Sigma Xi Speaks: May 2017

by User Not Found | May 17, 2017


Saturday, April 22, 2017, is a day I won’t forget. And I’d venture that, for nearly anyone who joined the March for Science that day—whether they were in Washington, DC, or any of the other 600 cities that held marches—the event was unlike anything they’d seen. City streets overflowed with a combined one million scientists and advocates of science, all there to celebrate the incalculable value and pervasive impact of scientific research. Amazing!

As I’ve reflected on the March for Science with Sigma Xi colleagues, we’ve come to realize that for us—even as the event galvanized energy worldwide around science outreach—it also served as a potent reminder that our organization must remain steadfast in achieving its mission. 

It’s imperative that we sustain the momentum of the movement propelled by the March for Science. Political winds change over time and ideologies may come and go, but we know that science literacy and research are foundational to a peaceful and thriving U.S. and world economy.

Moving forward, as we aim to both nurture and protect the health of the research enterprise, Sigma Xi seeks opportunities to expand its public presence as science guardians—on multiple levels and in diverse environments—while continuing to stand firm in the commitment to preserve and attain the highest standards of quality and ethics in scientific research.

Sigma Xi is committed to advancing science and advancing the benefits of scientific research, and we are a stalwart champion of evidence-based policymaking that supports the common good. We will persevere in our efforts to encourage leaders in Washington and all levels of government to prioritize scientific research funding, science education, and science-based policy. Now, and into the future, your continued support is vital in conserving a functioning science enterprise. As always, we encourage feedback, ideas, and participation. To share your thoughts, contact us at or drop me a line at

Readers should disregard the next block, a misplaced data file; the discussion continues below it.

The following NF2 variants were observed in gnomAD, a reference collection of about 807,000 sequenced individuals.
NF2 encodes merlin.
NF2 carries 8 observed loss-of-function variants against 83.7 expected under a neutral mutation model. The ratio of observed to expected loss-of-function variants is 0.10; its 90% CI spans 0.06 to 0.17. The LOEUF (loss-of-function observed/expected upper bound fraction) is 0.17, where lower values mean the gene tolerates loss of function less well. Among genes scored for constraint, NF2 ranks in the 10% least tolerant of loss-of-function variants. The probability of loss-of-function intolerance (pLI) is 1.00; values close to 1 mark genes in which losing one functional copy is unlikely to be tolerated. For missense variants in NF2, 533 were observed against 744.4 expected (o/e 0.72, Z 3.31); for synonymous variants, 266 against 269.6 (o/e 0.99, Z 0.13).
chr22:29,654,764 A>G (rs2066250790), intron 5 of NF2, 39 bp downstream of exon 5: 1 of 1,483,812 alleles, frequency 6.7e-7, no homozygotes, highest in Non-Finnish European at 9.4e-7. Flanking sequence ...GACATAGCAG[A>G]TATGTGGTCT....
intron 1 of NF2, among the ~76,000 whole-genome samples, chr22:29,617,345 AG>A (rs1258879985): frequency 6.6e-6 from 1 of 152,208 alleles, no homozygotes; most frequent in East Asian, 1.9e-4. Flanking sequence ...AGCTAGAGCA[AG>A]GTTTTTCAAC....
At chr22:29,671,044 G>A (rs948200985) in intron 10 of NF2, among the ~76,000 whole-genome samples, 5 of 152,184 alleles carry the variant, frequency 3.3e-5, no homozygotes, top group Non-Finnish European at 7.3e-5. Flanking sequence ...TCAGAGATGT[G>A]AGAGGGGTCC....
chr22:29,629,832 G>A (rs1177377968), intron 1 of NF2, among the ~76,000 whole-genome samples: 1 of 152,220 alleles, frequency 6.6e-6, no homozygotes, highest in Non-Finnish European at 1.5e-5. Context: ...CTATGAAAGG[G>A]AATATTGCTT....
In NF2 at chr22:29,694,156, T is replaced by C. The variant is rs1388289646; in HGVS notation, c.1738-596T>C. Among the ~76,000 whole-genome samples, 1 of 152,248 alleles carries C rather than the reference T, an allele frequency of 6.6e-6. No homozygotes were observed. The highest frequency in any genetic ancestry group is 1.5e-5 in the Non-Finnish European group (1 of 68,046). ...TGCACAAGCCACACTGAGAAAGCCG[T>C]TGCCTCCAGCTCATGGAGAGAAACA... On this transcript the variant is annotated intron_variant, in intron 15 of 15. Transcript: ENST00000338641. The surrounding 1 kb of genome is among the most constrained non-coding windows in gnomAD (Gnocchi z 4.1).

Kids Science Reading Corner

As we consider new ways of reaching out as scientists, thinkers, and communicators, it’s a great time to think about how kids can experience the sciences creatively, too. Here are some books that may help:

hello_nature_book_cover (149x223)(cropped)Hello Nature: Draw, Color, Make, and Grow, by Nina Chakrabarti (ages 7–11): Despite its targeted age range, kids much younger than seven are sure to enjoy this book, too. Its charming illustrations and straightforward nature activities (identifying trees by their leaves, for example, and sketching discoveries from nature walks) encourage thinking, creating, and getting outside to observe the natural world. Younger readers may need help with some of the projects, such as making leaf prints, but that in itself can be part of the fun.

Professor Astro Cat’s Intergalactic Activity Book, by Zelda Turner, illustrated by Ben Newman (ages 7–11): This colorful and innovative activity book—which was inspired by the first title in the Astro Cat series, Professor Astro Cat’s Frontiers of Space—will have kids drawing their own constellations, sketching robots they’d like to invent, and ever so much more.

I Love Science: A Journal for Self-Discovery and Big Ideas, by Rachel Ignotofsky (preteens and up): I Love Science easily stands on its own, but it’s worth mentioning that it can also be seen as an extension of Ignotovsky’s 2016 title, Women in Science. Quotes from groundbreaking women in STEM appear throughout the journal, and writing prompts (such as “What natural phenomena would you like to witness and why?”) encourage young writers to think introspectively while also imagining how they might engage with the world.


John C. Nemeth, PhD
Executive Director and CEO
Sigma Xi, The Scientific Research Honor Society
Publisher of American Scientist

Sigma Xi Speaks is a monthly series of information that we hope you share with others.

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